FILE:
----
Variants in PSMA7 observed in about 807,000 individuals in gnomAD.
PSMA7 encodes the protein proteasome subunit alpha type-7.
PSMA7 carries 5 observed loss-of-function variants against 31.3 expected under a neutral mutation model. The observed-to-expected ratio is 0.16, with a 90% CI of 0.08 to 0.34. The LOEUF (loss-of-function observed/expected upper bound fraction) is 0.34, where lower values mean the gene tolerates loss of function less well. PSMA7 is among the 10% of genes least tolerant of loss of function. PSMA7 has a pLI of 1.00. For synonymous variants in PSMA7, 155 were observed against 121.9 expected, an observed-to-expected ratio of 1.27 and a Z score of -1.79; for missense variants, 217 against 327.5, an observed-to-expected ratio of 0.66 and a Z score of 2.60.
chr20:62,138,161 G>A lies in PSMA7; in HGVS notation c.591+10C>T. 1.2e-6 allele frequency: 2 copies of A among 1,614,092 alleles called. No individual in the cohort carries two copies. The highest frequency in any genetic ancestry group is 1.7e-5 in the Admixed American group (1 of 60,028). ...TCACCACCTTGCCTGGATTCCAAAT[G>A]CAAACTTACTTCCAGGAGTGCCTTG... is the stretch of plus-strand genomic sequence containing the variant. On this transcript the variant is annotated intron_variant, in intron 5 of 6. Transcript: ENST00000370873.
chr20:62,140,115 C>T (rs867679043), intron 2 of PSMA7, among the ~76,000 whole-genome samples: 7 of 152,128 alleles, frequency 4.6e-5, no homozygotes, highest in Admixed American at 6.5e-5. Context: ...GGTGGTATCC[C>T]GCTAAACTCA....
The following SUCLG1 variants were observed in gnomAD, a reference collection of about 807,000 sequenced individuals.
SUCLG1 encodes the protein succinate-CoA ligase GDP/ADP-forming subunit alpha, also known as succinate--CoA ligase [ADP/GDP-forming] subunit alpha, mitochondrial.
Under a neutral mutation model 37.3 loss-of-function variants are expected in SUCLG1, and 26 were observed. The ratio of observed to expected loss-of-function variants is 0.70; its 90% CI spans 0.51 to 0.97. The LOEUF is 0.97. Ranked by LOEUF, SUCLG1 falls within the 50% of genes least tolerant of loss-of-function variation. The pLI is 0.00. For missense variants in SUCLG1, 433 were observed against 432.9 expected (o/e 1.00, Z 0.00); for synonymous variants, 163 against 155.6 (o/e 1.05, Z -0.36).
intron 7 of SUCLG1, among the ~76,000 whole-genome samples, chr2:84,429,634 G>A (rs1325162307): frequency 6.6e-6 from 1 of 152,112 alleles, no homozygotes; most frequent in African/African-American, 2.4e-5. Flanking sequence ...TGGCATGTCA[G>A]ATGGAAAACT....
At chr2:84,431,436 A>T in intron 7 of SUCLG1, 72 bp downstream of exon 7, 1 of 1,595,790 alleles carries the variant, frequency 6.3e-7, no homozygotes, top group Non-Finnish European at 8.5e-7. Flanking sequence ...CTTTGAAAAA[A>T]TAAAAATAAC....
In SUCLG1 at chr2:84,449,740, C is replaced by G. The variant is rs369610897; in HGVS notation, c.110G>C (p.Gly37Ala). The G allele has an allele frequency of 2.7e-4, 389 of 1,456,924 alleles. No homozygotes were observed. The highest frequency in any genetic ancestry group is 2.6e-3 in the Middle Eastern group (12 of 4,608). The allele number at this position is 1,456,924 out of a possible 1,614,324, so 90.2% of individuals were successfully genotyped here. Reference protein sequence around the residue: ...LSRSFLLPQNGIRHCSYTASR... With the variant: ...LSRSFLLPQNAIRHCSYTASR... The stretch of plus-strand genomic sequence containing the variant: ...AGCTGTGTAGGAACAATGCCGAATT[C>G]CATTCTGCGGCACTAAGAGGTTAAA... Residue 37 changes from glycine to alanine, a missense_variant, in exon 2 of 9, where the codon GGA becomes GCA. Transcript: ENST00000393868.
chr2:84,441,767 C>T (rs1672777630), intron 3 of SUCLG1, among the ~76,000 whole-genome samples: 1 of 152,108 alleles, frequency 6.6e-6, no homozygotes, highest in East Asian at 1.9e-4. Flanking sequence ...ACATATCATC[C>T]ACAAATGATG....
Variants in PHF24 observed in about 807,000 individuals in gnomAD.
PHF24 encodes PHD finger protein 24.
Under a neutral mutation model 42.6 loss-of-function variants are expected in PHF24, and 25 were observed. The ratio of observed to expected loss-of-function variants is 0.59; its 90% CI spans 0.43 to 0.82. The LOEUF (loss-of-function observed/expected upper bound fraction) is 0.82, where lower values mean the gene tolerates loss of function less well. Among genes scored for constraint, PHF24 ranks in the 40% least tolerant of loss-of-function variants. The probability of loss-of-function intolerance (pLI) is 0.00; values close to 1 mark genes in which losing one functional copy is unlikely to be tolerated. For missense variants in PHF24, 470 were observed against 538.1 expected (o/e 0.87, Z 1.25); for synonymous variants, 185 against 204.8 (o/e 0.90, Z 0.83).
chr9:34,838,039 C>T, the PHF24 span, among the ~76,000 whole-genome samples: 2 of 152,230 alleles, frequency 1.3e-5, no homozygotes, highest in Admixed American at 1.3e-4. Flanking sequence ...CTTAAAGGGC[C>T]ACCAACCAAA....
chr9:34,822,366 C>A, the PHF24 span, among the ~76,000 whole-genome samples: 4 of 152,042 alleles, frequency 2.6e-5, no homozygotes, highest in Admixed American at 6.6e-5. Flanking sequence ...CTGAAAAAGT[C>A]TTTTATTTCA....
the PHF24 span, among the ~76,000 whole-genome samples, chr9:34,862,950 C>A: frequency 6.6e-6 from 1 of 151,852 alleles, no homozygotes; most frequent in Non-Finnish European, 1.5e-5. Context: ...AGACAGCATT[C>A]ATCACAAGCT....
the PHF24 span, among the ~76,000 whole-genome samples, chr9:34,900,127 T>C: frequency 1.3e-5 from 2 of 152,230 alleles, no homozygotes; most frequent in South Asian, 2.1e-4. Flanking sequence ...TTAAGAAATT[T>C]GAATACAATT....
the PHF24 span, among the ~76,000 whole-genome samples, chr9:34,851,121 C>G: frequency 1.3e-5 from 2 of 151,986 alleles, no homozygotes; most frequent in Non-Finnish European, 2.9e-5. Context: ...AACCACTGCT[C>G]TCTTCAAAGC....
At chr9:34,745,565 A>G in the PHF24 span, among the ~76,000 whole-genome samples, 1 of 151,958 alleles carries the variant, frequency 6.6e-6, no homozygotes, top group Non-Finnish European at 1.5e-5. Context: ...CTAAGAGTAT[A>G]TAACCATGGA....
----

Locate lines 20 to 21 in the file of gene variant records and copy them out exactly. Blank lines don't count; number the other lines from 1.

the PHF24 span, among the ~76,000 whole-genome samples, chr9:34,851,121 C>G: frequency 1.3e-5 from 2 of 151,986 alleles, no homozygotes; most frequent in Non-Finnish European, 2.9e-5. Context: ...AACCACTGCT[C>G]TCTTCAAAGC....
At chr9:34,745,565 A>G in the PHF24 span, among the ~76,000 whole-genome samples, 1 of 151,958 alleles carries the variant, frequency 6.6e-6, no homozygotes, top group Non-Finnish European at 1.5e-5. Context: ...CTAAGAGTAT[A>G]TAACCATGGA....